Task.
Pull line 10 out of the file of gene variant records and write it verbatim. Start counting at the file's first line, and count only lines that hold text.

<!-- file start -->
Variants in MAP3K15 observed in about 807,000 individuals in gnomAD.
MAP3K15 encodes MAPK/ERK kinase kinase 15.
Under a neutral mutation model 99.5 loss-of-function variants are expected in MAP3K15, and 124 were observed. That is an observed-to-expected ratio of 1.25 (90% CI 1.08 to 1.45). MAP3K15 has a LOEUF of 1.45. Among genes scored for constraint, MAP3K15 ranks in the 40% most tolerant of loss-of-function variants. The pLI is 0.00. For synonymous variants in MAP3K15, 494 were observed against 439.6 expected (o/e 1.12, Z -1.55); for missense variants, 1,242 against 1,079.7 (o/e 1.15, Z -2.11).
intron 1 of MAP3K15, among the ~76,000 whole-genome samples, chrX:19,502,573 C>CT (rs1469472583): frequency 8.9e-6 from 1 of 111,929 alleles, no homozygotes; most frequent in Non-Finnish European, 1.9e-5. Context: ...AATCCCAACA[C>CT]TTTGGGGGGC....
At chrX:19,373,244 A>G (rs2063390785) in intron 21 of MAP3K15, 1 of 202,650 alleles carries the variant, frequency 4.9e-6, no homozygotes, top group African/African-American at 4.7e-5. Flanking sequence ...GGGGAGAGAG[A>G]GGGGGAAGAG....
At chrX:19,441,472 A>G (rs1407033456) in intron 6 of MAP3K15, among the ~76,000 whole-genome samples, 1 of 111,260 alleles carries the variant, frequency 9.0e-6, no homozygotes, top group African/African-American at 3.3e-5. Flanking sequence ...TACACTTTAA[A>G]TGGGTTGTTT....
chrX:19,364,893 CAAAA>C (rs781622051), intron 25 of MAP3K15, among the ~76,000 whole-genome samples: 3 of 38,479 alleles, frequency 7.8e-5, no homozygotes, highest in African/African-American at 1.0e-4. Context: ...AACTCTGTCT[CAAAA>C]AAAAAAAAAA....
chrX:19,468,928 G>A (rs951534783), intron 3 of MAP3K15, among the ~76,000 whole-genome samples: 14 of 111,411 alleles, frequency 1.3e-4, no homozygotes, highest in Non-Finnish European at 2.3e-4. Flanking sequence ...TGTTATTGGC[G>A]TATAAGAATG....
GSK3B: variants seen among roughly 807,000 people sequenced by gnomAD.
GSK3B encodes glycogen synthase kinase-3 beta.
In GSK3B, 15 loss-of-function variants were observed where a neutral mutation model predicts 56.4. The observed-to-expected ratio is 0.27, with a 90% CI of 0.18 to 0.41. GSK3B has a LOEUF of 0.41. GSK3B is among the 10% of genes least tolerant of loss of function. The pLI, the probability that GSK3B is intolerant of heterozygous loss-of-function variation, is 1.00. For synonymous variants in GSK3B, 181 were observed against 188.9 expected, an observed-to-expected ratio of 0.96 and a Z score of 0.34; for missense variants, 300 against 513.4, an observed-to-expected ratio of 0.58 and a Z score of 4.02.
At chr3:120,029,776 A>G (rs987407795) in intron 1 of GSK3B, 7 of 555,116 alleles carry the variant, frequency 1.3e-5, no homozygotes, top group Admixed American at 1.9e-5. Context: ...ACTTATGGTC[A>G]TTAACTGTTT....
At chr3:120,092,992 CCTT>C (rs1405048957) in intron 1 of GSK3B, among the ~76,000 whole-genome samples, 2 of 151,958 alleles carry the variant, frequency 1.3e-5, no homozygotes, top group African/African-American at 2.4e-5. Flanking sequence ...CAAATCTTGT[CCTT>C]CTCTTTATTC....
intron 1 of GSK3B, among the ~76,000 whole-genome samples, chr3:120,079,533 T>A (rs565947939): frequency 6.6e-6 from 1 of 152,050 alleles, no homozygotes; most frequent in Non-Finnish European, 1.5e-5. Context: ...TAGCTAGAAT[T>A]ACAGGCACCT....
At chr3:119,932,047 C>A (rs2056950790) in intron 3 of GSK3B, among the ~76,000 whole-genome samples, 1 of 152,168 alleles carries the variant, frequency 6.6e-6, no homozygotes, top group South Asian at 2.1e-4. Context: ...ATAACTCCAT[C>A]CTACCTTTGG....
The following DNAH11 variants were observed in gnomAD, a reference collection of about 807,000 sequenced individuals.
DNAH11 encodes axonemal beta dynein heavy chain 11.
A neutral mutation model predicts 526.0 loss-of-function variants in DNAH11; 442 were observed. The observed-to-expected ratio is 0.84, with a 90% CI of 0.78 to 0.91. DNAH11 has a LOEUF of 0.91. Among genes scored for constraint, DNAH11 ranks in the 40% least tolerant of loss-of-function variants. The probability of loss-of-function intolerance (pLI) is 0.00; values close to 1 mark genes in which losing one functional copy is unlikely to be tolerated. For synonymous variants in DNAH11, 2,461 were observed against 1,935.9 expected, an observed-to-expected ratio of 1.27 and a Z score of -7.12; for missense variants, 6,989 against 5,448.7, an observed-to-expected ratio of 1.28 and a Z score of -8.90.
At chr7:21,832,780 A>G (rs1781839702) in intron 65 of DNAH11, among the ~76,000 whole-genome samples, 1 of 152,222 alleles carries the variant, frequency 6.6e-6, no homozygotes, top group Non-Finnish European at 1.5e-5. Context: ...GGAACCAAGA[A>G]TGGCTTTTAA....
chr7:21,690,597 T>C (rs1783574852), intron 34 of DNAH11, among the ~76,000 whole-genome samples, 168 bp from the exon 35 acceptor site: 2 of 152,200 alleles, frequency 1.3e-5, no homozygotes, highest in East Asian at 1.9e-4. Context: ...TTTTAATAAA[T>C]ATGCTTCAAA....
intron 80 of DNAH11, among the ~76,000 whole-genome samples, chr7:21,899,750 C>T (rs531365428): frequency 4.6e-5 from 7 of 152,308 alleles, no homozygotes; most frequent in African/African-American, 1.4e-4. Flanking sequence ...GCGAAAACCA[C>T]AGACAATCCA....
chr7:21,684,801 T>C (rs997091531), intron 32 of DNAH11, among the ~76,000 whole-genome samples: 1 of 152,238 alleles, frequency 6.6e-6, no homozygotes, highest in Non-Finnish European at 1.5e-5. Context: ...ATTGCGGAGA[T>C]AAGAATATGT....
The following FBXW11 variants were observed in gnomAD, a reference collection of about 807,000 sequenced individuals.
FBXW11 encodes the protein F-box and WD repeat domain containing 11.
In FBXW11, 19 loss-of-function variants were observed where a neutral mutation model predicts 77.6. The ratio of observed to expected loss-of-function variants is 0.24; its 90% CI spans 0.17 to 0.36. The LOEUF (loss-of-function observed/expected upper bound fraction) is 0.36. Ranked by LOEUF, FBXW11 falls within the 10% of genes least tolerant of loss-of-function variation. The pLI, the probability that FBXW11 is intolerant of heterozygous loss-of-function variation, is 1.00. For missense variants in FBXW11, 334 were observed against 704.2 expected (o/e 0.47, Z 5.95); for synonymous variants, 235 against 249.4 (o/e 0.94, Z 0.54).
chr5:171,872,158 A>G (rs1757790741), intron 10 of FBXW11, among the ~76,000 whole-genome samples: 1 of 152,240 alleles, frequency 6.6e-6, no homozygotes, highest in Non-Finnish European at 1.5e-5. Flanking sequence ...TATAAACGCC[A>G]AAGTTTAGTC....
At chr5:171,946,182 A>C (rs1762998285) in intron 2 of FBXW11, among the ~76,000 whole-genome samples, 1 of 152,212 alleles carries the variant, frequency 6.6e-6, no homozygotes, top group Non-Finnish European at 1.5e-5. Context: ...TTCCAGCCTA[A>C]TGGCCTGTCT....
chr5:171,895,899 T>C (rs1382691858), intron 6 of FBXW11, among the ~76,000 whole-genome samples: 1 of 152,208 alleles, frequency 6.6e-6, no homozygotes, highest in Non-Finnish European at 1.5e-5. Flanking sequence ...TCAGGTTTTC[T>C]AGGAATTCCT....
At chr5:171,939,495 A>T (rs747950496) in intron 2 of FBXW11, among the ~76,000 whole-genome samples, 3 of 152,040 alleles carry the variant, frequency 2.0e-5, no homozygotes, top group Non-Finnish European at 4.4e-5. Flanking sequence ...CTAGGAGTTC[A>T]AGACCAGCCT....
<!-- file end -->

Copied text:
GSK3B encodes glycogen synthase kinase-3 beta.